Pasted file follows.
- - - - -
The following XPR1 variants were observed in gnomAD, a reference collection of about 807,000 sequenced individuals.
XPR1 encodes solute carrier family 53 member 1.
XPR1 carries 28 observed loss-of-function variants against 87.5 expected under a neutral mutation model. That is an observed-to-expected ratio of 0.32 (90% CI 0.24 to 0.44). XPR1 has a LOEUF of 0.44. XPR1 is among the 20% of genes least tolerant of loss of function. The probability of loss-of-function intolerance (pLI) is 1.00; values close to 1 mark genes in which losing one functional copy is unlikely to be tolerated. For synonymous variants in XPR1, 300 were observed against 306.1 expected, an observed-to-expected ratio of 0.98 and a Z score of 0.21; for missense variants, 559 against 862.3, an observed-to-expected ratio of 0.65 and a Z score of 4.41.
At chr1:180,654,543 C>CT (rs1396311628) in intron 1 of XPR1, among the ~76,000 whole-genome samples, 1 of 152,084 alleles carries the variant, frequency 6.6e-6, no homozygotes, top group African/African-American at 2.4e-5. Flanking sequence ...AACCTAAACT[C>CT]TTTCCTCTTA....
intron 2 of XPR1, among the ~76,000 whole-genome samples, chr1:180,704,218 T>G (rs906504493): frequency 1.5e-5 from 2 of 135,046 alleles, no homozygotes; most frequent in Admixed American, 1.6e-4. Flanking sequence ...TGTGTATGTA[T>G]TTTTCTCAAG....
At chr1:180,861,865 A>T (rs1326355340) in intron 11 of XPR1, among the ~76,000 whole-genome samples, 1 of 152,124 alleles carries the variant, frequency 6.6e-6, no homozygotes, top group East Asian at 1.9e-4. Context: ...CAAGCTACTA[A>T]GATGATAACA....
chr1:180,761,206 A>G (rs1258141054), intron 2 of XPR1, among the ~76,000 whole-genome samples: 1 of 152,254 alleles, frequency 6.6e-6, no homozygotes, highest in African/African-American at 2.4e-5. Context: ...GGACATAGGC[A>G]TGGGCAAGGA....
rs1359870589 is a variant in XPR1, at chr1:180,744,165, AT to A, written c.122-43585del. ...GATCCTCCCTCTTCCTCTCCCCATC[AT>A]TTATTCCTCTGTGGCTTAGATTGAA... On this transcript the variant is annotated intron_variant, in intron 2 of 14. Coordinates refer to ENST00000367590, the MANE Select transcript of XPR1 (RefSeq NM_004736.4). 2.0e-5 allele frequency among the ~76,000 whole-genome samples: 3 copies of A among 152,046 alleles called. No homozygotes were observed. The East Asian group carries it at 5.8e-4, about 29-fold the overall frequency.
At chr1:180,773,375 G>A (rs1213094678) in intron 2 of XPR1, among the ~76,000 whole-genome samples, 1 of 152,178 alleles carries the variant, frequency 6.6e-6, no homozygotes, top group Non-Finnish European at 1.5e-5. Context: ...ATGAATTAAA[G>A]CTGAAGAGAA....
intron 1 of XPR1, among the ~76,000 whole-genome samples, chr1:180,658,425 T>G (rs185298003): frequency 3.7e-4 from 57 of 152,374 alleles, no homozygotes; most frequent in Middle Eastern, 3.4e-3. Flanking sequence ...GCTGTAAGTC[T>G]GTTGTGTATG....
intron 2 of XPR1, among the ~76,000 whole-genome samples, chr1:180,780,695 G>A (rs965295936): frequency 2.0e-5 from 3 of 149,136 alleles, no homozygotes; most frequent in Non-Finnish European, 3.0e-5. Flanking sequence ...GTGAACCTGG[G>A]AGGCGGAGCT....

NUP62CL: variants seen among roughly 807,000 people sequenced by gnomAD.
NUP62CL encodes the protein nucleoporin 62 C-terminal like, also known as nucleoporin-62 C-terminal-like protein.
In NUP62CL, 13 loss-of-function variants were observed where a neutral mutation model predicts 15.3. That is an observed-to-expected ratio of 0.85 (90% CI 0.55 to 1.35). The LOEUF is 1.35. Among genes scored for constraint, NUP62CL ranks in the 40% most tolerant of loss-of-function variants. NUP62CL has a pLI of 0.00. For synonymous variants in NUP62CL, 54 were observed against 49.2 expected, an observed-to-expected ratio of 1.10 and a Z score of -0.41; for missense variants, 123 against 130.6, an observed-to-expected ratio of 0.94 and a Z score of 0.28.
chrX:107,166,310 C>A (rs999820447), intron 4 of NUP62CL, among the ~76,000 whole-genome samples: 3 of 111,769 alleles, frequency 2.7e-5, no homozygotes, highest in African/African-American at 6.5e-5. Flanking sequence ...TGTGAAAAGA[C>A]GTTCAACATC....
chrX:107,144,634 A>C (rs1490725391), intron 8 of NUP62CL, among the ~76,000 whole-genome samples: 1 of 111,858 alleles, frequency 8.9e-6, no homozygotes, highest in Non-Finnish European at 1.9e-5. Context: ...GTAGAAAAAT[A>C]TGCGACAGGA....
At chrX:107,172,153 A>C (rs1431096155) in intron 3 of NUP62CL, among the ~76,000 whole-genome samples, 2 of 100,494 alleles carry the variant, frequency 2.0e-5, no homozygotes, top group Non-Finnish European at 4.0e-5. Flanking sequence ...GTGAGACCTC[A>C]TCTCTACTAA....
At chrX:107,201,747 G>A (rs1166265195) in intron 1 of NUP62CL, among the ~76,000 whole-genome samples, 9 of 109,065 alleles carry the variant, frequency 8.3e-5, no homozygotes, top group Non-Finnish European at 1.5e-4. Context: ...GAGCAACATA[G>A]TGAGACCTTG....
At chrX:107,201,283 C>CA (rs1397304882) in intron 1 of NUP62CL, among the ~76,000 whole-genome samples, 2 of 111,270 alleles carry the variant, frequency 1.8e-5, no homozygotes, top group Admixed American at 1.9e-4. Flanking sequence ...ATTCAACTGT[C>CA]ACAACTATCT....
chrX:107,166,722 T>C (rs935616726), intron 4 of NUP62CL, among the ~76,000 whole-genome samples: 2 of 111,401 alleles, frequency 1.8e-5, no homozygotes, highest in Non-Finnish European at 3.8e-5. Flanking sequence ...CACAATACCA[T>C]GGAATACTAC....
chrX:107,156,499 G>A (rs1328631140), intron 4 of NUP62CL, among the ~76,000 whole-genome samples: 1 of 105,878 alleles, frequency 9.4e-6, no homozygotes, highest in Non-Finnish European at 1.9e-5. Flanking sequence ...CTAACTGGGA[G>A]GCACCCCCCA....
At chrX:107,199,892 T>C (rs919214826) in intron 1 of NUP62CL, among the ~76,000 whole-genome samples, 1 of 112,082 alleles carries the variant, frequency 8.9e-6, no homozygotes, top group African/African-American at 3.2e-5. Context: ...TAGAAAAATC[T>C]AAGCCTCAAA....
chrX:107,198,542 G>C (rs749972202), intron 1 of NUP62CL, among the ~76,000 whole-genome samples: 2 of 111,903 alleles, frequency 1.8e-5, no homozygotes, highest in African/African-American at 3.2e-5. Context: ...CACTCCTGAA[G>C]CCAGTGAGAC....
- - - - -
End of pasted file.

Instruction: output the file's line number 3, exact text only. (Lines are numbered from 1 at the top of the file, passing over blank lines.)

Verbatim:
XPR1 carries 28 observed loss-of-function variants against 87.5 expected under a neutral mutation model. That is an observed-to-expected ratio of 0.32 (90% CI 0.24 to 0.44). XPR1 has a LOEUF of 0.44. XPR1 is among the 20% of genes least tolerant of loss of function. The probability of loss-of-function intolerance (pLI) is 1.00; values close to 1 mark genes in which losing one functional copy is unlikely to be tolerated. For synonymous variants in XPR1, 300 were observed against 306.1 expected, an observed-to-expected ratio of 0.98 and a Z score of 0.21; for missense variants, 559 against 862.3, an observed-to-expected ratio of 0.65 and a Z score of 4.41.